Sunday, April 1, 2012
On this special day of fooling people, might I say that I'm SO VERY GLAD that I'm not good friends with a special effects make-up artist. I mean, can you even imagine how much of a freak-out factor they could create if they used their abilities on the unsuspecting that day? [Shivers at the thought of a "scary creature" hiding in my closet, one of my kids showing me a terrible "injury," or an awful "sickness."] I mean, seriously. Someone using those kinds of skillz to fool me could put me need of lifelong therapy.
As writers, we have just as powerful of a tool as their make-up kit: words. I mean what's our job description anyway? To make people believe something that isn't real. To create characters and convince people they are real. To create problems and situations and plots and convince people they really happened. Sometimes to even create a whole new world and convince people it is real.
We've had a lot of practice making people believe us.
Two years ago, I underestimated this power we wield, and wrote an April Fool's post on my personal blog about how my family and I were going to move 2,000 miles away. I put just the right amount of specific details mixed with fact to make it believable. I somehow managed to make my friends, neighbors, and family freak out, made my mom cry (although in all fairness, I told her it was a joke before she read it), and got 7 times the number of unique visitors to my blog that day than my previous record.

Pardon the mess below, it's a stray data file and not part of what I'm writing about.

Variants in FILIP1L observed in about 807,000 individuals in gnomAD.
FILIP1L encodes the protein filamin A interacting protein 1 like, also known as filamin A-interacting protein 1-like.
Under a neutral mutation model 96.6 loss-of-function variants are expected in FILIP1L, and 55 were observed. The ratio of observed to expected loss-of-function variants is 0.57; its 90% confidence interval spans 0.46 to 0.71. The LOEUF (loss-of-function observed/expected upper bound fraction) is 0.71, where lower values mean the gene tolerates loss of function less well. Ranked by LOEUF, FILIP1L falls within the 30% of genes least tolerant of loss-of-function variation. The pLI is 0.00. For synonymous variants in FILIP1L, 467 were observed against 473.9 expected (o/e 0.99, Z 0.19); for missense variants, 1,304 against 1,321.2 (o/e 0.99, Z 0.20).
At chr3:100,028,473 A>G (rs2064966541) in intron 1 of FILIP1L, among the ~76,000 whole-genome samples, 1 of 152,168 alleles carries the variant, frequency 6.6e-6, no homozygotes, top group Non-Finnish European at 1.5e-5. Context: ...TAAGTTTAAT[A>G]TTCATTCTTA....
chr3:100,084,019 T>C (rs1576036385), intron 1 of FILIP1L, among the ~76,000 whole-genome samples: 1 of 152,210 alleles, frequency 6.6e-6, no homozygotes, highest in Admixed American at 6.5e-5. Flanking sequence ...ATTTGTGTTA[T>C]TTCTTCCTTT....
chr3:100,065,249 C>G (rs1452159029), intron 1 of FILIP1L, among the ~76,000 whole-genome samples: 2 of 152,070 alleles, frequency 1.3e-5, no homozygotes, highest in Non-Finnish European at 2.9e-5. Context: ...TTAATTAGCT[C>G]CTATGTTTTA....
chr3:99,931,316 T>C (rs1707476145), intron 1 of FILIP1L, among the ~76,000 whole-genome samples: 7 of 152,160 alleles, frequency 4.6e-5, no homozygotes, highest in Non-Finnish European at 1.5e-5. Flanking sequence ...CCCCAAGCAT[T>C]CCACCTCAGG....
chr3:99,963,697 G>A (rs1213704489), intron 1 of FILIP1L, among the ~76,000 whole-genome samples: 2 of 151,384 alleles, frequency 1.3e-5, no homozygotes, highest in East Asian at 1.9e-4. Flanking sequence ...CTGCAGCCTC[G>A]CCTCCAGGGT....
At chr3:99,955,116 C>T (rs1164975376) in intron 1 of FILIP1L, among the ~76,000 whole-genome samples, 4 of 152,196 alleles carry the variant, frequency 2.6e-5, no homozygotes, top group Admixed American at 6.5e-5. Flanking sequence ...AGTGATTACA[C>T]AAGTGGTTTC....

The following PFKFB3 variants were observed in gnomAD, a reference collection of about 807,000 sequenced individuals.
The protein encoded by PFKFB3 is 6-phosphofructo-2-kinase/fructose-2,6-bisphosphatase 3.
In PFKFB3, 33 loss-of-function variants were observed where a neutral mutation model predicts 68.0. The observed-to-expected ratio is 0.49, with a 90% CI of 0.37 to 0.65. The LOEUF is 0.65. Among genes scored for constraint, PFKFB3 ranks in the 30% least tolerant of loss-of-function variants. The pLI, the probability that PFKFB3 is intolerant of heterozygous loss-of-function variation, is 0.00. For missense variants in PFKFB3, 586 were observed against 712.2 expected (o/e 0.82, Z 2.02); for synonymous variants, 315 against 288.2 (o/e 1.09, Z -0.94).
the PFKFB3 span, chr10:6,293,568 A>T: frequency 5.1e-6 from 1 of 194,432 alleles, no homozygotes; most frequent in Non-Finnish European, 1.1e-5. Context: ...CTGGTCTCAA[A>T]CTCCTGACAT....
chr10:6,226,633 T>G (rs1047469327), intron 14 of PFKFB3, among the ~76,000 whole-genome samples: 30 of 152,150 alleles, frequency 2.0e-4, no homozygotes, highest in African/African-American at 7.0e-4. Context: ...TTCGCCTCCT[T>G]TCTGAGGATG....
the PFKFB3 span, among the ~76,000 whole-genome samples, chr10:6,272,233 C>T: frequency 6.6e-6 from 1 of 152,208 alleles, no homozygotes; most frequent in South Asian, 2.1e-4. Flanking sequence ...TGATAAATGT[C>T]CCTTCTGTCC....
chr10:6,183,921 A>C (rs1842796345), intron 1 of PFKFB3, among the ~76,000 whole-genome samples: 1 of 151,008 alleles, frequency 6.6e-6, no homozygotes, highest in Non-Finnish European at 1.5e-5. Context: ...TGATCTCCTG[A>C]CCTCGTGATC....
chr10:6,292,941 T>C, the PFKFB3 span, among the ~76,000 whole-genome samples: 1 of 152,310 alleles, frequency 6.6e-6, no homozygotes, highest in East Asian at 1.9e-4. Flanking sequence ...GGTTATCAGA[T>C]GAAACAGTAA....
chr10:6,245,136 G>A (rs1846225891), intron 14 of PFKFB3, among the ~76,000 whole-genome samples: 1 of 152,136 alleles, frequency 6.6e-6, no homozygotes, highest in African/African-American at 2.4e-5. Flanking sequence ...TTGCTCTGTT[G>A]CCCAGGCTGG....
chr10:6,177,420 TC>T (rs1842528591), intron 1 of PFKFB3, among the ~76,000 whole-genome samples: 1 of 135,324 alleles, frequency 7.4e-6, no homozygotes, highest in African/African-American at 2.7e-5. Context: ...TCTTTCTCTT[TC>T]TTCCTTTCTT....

But it came with guilt. OH, THE GUILT! Apparently you shouldn't use the kinds of powers we have on the unsuspecting. (Although, incidentally, it did convince me that maybe I did actually have what it takes to write believably.) I don't know about you, but if my kid came home with a fake-but-looks-entirely-real bone sticking out of his/her arm from how he/she fell on the playground, I'd kinda sorta freak out.
So here is my warning to you. Practice responsible blogging, people. Lest the guilt consume you.